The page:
Global air temperature has become the primary metric for judging global climate change. The variability of global temperature on a decadal timescale is still poorly understood. This paper examines further one suggested hypothesis, that variations in solar radiation reaching the surface (Rs) have caused much of the observed decadal temperature variability. Because Rs only heats air during the day, its variability is plausibly related to the variability of diurnal temperature range (daily maximum temperature minus its minimum). We show that the variability of diurnal temperature range is consistent with the variability of Rs at timescales from monthly to decadal. This paper uses long comprehensive datasets for diurnal temperature range to establish what has been the contribution of Rs to decadal temperature variability. It shows that Rs over land globally peaked in the 1930s, substantially decreased from the 1940s to the 1970s, and changed little after that. Reduction of Rs caused a reduction of more than 0.2 °C in mean temperature during May to October from the 1940s through the 1970s, and a reduction of nearly 0.2 °C in mean air temperature during November to April from the 1960s through the 1970s. This cooling accounts in part for the near-constant temperature from the 1930s into the 1970s. Since then, neither the rapid increase in temperature from the 1970s through the 1990s nor the slowdown of warming in the early twenty-first century appear to be significantly related to changes of Rs.

Concepts: Climate, Weather, Temperature, Thermodynamics, Climate change, Meteorology, Solar variation, Global warming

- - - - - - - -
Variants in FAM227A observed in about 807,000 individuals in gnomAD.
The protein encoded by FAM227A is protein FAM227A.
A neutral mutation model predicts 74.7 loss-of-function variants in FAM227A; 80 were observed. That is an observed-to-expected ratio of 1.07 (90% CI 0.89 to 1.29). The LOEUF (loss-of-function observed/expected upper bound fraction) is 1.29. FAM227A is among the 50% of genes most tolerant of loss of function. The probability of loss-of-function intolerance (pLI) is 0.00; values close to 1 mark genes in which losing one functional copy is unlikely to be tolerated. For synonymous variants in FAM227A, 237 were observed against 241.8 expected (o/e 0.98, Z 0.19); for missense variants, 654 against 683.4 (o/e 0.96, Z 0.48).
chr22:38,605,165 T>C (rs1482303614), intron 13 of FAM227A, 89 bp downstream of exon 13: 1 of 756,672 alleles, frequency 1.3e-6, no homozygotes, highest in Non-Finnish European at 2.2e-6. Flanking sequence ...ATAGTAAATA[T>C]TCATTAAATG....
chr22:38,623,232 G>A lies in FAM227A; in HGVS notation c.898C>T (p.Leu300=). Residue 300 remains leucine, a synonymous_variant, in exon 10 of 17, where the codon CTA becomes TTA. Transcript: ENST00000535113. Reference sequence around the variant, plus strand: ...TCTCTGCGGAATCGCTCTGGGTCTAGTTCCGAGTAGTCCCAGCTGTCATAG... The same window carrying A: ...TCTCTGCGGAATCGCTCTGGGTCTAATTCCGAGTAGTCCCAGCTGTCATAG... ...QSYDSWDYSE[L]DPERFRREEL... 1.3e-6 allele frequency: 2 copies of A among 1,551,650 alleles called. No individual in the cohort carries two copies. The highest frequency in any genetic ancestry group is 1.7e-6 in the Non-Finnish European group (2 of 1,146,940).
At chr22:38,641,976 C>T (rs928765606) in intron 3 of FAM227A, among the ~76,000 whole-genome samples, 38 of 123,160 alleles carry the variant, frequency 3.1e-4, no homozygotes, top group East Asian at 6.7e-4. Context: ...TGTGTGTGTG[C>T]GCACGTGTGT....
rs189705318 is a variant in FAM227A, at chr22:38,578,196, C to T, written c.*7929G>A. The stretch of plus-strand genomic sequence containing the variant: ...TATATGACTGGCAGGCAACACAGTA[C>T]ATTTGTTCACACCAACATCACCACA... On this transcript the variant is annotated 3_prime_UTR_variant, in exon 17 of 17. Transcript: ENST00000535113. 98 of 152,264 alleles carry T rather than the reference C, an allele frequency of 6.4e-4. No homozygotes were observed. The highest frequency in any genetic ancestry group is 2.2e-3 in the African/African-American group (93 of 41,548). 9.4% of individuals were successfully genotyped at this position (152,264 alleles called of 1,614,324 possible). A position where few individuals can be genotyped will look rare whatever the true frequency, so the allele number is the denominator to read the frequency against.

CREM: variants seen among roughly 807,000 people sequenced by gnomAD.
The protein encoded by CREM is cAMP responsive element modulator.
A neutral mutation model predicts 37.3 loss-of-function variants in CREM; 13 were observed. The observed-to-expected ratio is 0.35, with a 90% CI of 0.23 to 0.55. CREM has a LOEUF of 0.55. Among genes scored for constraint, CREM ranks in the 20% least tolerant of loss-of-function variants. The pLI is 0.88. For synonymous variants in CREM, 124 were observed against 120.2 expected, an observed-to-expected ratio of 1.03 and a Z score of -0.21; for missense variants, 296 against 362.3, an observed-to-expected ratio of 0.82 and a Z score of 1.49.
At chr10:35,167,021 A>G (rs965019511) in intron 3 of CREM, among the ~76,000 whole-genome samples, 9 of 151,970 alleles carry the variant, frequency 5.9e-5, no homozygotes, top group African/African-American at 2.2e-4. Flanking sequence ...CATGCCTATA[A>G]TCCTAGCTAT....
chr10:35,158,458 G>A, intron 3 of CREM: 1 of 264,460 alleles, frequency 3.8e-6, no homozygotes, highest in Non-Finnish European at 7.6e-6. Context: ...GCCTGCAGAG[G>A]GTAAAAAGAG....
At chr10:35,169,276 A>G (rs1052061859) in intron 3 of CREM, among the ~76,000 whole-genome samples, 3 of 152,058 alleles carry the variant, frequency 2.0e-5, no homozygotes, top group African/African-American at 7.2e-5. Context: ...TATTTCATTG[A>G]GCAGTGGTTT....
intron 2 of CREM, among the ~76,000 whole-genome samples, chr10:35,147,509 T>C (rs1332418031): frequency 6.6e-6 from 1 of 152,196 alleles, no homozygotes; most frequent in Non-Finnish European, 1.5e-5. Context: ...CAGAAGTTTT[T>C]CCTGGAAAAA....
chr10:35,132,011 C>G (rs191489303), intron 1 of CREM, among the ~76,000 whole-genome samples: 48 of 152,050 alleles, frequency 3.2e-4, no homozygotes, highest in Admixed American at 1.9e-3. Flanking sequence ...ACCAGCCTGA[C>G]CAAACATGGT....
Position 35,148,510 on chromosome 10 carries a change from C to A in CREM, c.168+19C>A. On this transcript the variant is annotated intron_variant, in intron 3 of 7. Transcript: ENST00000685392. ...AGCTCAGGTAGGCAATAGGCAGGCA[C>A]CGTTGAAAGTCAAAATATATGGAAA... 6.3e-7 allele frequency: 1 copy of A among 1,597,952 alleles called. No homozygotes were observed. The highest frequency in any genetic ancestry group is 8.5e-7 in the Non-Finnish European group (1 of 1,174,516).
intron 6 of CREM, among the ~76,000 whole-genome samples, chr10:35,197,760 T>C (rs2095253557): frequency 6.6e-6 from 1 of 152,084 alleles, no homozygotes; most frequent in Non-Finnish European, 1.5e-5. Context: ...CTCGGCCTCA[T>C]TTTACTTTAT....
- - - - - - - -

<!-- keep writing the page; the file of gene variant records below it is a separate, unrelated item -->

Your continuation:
Several studies have analyzed the effects of weather on factors associated with weight loss. In this study, we directly analyzed the effect of weather on intentional weight loss using global-scale data provided by smartphone applications. Through Weather Underground API and the Noom Coach application, we extracted information on weather and body weight for each user located in each of several geographic areas on all login days. We identified meteorological information (pressure, precipitation, wind speed, dew point, and temperature) and self-monitored body weight data simultaneously. A linear mixed-effects model was performed analyzing 3274 subjects. Subjects in North America had higher initial BMIs than those of subjects in Eastern Asia. During the study period, most subjects who used the smartphone application experienced weight loss in a significant way (80.39%, p-value < 0.001). Subjects who infrequently recorded information about dinner had smaller variations than those of other subjects (βfreq.users dinner*time = 0.007, p-value < 0.001). Colder temperature, lower dew point, and higher values for wind speed and precipitation were significantly associated with weight loss. In conclusion, we found a direct and independent impact of meteorological conditions on intentional weight loss efforts on a global scale (not only on a local level).

Concepts: Climate, Weather, Humidity, Meteorology, North America, Wind, Monsoon, Fog


The mass extinction of life 66 million years ago at the Cretaceous/Paleogene boundary, marked by the extinctions of dinosaurs and shallow marine organisms, is important because it led to the macroevolution of mammals and appearance of humans. The current hypothesis for the extinction is that an asteroid impact in present-day Mexico formed condensed aerosols in the stratosphere, which caused the cessation of photosynthesis and global near-freezing conditions. Here, we show that the stratospheric aerosols did not induce darkness that resulted in milder cooling than previously thought. We propose a new hypothesis that latitude-dependent climate changes caused by massive stratospheric soot explain the known mortality and survival on land and in oceans at the Cretaceous/Paleogene boundary. The stratospheric soot was ejected from the oil-rich area by the asteroid impact and was spread globally. The soot aerosols caused sufficiently colder climates at mid-high latitudes and drought with milder cooling at low latitudes on land, in addition to causing limited cessation of photosynthesis in global oceans within a few months to two years after the impact, followed by surface-water cooling in global oceans in a few years. The rapid climate change induced terrestrial extinctions followed by marine extinctions over several years.

Concepts: Earth, Climate, Weather, Climate change, Meteorology, Impact event, Dinosaur, Extinction event